Romance Romance at Above The Stag: A masquerade ball of deceit and decadence

Romance Romance at Above the Stag

ADAPTED: Above The Stag’s production is reimagined with LGBT characters (Pic: PBGSTUDIOS)

At its heart, the show tackles the intersection of deceit and duplicity in the context of illicit relationships, but manages to do so with an air of lightheartedness and good humour.

The musical is composed of two acts spanning different time periods and locations.

The first, The Little Comedy, is set in Vienna in the late 19th century and satirises notions of class and courtship.

The production employs the motif of masks, not only to convey the wealth and decadence of lovers Alfred (Blair Robertson) and Valentin (Jordan Lee Davis), but to remind us of their constant deception.

This is not a traditional tale of courtly romance, not least thanks to Above The Stag’s LGBT twist on the original script.

The notion of having to wear a mask or project a different persona will no doubt resonate with many members of the queer community who have grappled with their identity, but when it comes to the show’s portrayal of forbidden love, it is class alone that presents hurdles.

The pair meet in disguises after getting sick of the airs and graces of their upper class backgrounds, each pretending to be working class and of humble means to find true love.

Of course, the dramatic irony of the bachelors duping each other and fearing rejection on the grounds of their unknowingly mutual privilege ensures comedy aplenty and is brought to life with considerable vigour by the four-man cast.

Romance Romance at Above the Stag

DISGUISE: Two rich singletons pretend to be working class to find love (Pic: PBGSTUDIOS)

Romance Romance at Above the Stag

DUPED: Both lovers lie and are lied to in turn (Pic: PBGSTUDIOS)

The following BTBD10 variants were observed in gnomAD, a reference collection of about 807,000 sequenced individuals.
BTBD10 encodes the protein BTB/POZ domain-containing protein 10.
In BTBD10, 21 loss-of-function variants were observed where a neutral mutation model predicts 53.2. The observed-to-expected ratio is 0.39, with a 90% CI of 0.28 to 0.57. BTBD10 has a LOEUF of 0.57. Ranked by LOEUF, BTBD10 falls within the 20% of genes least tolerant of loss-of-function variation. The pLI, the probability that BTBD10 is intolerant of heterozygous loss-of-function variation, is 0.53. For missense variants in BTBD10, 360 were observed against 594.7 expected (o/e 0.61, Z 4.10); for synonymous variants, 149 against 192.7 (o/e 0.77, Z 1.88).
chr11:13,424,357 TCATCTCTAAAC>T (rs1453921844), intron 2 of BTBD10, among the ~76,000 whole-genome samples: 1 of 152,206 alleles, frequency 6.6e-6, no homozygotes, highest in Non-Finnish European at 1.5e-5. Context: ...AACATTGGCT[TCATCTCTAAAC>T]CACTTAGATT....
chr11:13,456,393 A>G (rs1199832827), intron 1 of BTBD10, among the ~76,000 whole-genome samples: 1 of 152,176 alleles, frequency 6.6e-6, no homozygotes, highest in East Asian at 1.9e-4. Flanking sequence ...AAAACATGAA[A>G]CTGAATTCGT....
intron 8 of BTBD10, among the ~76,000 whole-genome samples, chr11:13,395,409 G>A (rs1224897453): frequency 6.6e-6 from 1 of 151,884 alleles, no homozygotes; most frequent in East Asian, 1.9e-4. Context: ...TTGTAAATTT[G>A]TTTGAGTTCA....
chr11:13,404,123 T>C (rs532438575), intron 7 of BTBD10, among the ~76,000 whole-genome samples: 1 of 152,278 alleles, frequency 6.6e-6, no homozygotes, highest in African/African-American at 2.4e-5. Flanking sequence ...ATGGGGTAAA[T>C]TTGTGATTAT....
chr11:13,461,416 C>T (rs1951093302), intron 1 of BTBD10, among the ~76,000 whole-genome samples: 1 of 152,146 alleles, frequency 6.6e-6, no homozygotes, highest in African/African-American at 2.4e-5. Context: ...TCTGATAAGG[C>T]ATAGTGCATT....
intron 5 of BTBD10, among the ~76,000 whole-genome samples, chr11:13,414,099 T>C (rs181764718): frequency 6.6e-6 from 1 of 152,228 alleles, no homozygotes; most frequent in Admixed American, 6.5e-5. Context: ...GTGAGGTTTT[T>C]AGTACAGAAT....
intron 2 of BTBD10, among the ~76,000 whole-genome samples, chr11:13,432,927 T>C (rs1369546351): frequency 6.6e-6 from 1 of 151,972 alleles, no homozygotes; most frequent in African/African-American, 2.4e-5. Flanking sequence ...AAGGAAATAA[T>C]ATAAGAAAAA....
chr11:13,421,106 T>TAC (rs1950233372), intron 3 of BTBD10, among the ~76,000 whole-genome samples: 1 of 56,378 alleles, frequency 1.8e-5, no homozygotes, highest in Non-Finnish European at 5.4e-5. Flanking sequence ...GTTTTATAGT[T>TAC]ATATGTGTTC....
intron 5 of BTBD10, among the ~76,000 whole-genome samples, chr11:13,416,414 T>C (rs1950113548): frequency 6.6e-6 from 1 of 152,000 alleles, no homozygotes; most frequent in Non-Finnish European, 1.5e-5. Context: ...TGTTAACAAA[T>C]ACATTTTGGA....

The choreography, which often sees the protagonists switching places with their valets and servants, serves as a metaphor for the lovers’ efforts to embody someone else altogether and infuses the plot with a sense of meta-theatricality, as the players take on the roles they felt would best serve their ends.

What’s more its execution is slick and polished, with lifts, complex footwork and even set changes effortlessly woven together in a way befitting the period.

Sound and lighting are both well balanced, while costume correlates seamlessly with the characters’ transformations from high society socialites to working men.

As for performances, the first half sees Davis and Robertson shine, with chemistry aplenty, powerful vocals and superb comic timing.

Romance Romance at Above the Stag

CHEMISTRY: Luca and Lars are drawn to each other (Pic: PBGSTUDIOS)

The second half, Summer Share, is altogether different, but no less successful.

Set in a modern day beachside property in The Hamptons, it tracks the mounting sexual tensions between Luca (Ryan Anderson) and Lars (Alex Lodge).

Both are on holiday together with their spouses and find themselves on the precipice of an act of infidelity capable of changing their lives forever.

The venue’s modest size amplifies the sense of claustrophobia as their attraction swells, with Anderson and Lodge’s nuanced physicality escalating from playful flirting to thwarted passion.

The set is decidedly more cluttered, with children’s toys and clothes serving as a reminder of the marries couples’ responsibilities outside the bubble of their summer break.

Romance Romance at Above the Stag

BOILING POINT: The pair are forced to confront their attraction (Pic: PBGSTUDIOS)

Meanwhile, the looming presence of the prospective lovers’ partners, who watch their tender moments in dismay, provides a poignant counterpoint to the humour of the dialogue.

Once again, the vocals are superb and the direction well paced.

Anderson and Lodge bring an air of bittersweetness to proceedings as they reminisce about their teenage years spent together and ponder why they never pursed a romantic relationship with one another.

The adaptation of the script to feature two gay couples is carried out with panache and integrity – a credit to director Steven Dexter.

If you’re a fan of classical musical theatre but occasionally find it to be antiquated or cliché, this reimagining is certain to tickle your fancy.

Romance Romance runs from March 12 in Above The Stag’s main theatre.


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